When it comes to logistics, there’s a range of terms therein that are often new to many. Considering these are industry-specific terms, it can be difficult to get the best LTL freight quote without an understanding of such. Of course, familiarizing yourself with freight terminology will help you in finding the best pricing for your LTL (less than truckload) shipments.
Given that FreightorGator seeks to make the LTL shipping process simpler for clients, we’ve provided a glossary of shipping terms to help you in your search for the best shipping rates. With this, take a look at the terms and definitions below before you seek an LTL freight quote.
LTL Freight: Glossary of Terms
Freight Terms: A – L
Adjustments: An adjustment denotes any difference in shipment and the bill of lading. If an adjustment must be made, there’s typically a fee from the carrier.
Axle Load: The weight limit for each axle of a truck.
Backhaul: Backhaul is used to denote the carrier’s trip back from the destination. The backhaul rate is typically less than the first half of the trip, as the goods will have been unloaded.
Bill of Lading (BOL): The BOL is simply a contract between the carrier and the shipper. It includes any pertinent information with regards to the shipping arrangement, such as the destination or what’s actually being shipped.
Blind Shipment: Any time a shipper and receiver are not in communication, it’s called a blind shipment. Whoever pays for the shipment is deemed the shipper on the BOL.
Broker: Until the launch of www.freightorgator.com shippers would use a broker to make all the shipping arrangements for the shipper. A broker is often necessary when there are complexities associated with the freight.
Bulk Freight: Not all freight can or needs to be shipped in packages, such as larger boxed items. These items are called bulk freight and won’t require containers.
Carrier: Of course, the carrier is the party transporting the freight, which almost always requires a fee.
Cartage: When freight is shipped within a single city or region, it’s referred to as cartage.
Classification: Types of freight are put into classifications to determine transportation costs. Each type of freight will have a specific classification.
Consolidation: To save money on shipping costs, two or more shipments can be combined, which is referred to as consolidation.
Container: In contrast to a truck’s trailer, a container is simply a trailer without wheels that can be placed on trucks, trains (rail cars), or ships.
Cubic Capacity: Applying to the freight truck, train, or ship, the carrying capacity of such is listed in cubic feet.
Embargo: An embargo is essentially anything that hinders the carriers ability to deliver the goods being shipped. It could be a natural disaster or simple road block, among other events.
Exception: Upon delivery, if any issue is acknowledged in accepting the shipment, such as damage, a note is made on the delivery sheet, which is referred to as an exception.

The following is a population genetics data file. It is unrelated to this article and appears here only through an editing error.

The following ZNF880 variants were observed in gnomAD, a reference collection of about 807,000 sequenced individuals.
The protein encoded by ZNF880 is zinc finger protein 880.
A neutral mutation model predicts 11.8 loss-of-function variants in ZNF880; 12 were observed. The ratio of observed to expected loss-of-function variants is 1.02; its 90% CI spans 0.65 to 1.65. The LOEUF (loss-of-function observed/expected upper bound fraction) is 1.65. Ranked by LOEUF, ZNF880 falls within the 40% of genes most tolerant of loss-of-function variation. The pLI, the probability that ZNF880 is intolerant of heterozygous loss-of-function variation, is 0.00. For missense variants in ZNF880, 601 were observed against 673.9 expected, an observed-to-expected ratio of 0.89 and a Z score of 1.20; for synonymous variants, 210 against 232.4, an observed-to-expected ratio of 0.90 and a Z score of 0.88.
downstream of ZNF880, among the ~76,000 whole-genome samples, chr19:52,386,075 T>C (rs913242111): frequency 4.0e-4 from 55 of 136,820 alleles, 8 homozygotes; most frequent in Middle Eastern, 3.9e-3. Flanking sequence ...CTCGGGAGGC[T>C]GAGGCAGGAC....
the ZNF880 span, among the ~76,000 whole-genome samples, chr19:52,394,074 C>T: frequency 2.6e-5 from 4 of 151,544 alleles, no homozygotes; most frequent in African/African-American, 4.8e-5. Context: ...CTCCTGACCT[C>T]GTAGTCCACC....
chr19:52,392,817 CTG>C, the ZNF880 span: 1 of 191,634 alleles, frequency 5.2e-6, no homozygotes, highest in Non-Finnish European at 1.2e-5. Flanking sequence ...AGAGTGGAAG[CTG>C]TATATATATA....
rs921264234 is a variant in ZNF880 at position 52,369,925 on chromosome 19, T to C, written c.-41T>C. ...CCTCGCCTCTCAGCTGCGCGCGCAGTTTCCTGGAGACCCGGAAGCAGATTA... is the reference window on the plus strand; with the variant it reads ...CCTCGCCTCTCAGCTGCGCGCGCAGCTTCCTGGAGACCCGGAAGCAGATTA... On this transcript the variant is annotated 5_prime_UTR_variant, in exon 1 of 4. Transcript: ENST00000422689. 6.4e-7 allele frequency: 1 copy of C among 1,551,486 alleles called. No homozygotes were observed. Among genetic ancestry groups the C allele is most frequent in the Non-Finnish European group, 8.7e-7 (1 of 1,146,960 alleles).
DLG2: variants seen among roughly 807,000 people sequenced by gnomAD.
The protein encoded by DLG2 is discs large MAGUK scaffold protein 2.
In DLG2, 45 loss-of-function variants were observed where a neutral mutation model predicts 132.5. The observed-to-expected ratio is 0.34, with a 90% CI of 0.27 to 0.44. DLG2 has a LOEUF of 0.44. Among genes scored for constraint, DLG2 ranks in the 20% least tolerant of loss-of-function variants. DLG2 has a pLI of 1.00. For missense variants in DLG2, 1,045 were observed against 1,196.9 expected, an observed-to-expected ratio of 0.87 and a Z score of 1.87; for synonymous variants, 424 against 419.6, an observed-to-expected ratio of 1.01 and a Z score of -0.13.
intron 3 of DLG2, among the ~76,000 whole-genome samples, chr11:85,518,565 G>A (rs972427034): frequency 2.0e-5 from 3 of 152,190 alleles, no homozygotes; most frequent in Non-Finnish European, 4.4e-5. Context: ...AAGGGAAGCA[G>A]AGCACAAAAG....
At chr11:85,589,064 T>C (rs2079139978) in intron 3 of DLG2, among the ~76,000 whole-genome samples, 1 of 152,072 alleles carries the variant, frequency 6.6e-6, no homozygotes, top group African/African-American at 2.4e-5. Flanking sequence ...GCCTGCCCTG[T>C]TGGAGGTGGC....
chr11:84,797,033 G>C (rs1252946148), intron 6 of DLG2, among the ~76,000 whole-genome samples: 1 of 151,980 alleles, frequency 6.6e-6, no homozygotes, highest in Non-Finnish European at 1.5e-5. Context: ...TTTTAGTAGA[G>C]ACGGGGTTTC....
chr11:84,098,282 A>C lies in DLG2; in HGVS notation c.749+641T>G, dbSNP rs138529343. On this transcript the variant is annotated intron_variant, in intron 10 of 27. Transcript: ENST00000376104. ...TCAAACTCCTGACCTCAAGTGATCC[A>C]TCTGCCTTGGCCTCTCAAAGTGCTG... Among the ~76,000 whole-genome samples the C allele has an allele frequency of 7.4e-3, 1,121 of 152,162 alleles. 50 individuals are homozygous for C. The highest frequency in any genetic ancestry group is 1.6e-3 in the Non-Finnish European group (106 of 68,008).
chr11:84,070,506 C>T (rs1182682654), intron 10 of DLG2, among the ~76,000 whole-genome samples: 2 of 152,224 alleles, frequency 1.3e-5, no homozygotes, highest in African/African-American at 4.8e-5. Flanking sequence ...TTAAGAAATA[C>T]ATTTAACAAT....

Flatbed: Flatbeds refer to any truck trailer with no sides or roof. Simply a platform trailer, flatbeds typically have a standard height from the ground.
Gross Vehicle Weight (GVW): Also referred to as gross vehicle mass (GVM), the GVW denotes the total weight of a vehicle, including the entire truck itself and the freight being shipped.
Intermodal Transportation: Often times, shipments can be made using more than one form of transportation, say a truck and train. In these cases, it’s called intermodal transportation.
Less than Truckload (LTL): FreightorGator’s bread and butter, LTL freight does not fill an entire truck, typically between 150 and 10,000 pounds. In contrast, shipments that do fill an entire truck are referred to as FTL (full truckload).
M – Z
Nested: A common term within LTL shipments, nested refers to any materials that are stacked in a manner that one item sits inside of another—which can significantly reduce the amount of space used.
NMFC® Number: The national motor freight classification® (NMFC®) number is used to identify the type of product being shipped, including each item’s freight class.
Not Otherwise Indicated (NOI): This is assigned to freight that otherwise isn’t assigned to a specific freight class within the aforementioned NMFC®.
PRO Number: Typically used by the shipper to track their shipment, the PRO number is assigned by the carrier.
Reefer: Often necessary for food shipments, a reefer is a refrigerated and insulated trailer.
Tariff: Tariffs denote the cost of a shipment as well as the contract between the shipper and carrier. In other words, the tariff will establish the freight rate.
Through Rate: Denotes the distance from the origin of the shipment to the shipment’s destination.
Time Critical: Time critical shipments are set to be delivered at the earliest time possible for the carrier.
Transit Time: Transit time refers to the total time it takes from picking the freight up to delivering it to its destination.
Get the Best LTL Freight Quotes from FreightorGator
Once you’ve familiarized yourself with the above terms, you’ll have a better understanding when it comes time to booking your shipment. If you’d like a free, instant quote from FreightorGator to ensure you’re getting the lowest rate possible, you can take advantage of our instant LTL freight quote tool.